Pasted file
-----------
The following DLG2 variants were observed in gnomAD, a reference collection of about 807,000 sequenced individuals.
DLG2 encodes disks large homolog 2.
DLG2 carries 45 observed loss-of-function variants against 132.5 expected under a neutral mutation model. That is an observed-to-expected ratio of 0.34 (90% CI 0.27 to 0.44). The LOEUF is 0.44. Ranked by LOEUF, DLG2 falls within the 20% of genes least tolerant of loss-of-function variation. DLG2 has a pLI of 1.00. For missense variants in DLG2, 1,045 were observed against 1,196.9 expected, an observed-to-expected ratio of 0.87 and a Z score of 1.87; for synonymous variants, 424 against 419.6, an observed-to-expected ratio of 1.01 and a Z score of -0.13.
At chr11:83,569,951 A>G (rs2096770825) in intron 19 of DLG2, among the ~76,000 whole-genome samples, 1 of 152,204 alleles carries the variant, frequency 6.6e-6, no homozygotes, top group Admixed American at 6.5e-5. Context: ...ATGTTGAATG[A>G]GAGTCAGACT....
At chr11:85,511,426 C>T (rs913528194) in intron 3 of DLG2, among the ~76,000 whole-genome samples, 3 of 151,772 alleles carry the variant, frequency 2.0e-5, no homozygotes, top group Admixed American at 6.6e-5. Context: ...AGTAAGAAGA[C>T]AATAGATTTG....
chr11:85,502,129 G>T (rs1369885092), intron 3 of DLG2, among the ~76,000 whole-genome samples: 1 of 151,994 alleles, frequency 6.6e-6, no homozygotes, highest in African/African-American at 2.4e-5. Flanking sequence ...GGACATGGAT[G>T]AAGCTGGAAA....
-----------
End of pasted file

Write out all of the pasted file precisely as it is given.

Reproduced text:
The following DLG2 variants were observed in gnomAD, a reference collection of about 807,000 sequenced individuals.
DLG2 encodes disks large homolog 2.
DLG2 carries 45 observed loss-of-function variants against 132.5 expected under a neutral mutation model. That is an observed-to-expected ratio of 0.34 (90% CI 0.27 to 0.44). The LOEUF is 0.44. Ranked by LOEUF, DLG2 falls within the 20% of genes least tolerant of loss-of-function variation. DLG2 has a pLI of 1.00. For missense variants in DLG2, 1,045 were observed against 1,196.9 expected, an observed-to-expected ratio of 0.87 and a Z score of 1.87; for synonymous variants, 424 against 419.6, an observed-to-expected ratio of 1.01 and a Z score of -0.13.
At chr11:83,569,951 A>G (rs2096770825) in intron 19 of DLG2, among the ~76,000 whole-genome samples, 1 of 152,204 alleles carries the variant, frequency 6.6e-6, no homozygotes, top group Admixed American at 6.5e-5. Context: ...ATGTTGAATG[A>G]GAGTCAGACT....
At chr11:85,511,426 C>T (rs913528194) in intron 3 of DLG2, among the ~76,000 whole-genome samples, 3 of 151,772 alleles carry the variant, frequency 2.0e-5, no homozygotes, top group Admixed American at 6.6e-5. Context: ...AGTAAGAAGA[C>T]AATAGATTTG....
chr11:85,502,129 G>T (rs1369885092), intron 3 of DLG2, among the ~76,000 whole-genome samples: 1 of 151,994 alleles, frequency 6.6e-6, no homozygotes, highest in African/African-American at 2.4e-5. Flanking sequence ...GGACATGGAT[G>T]AAGCTGGAAA....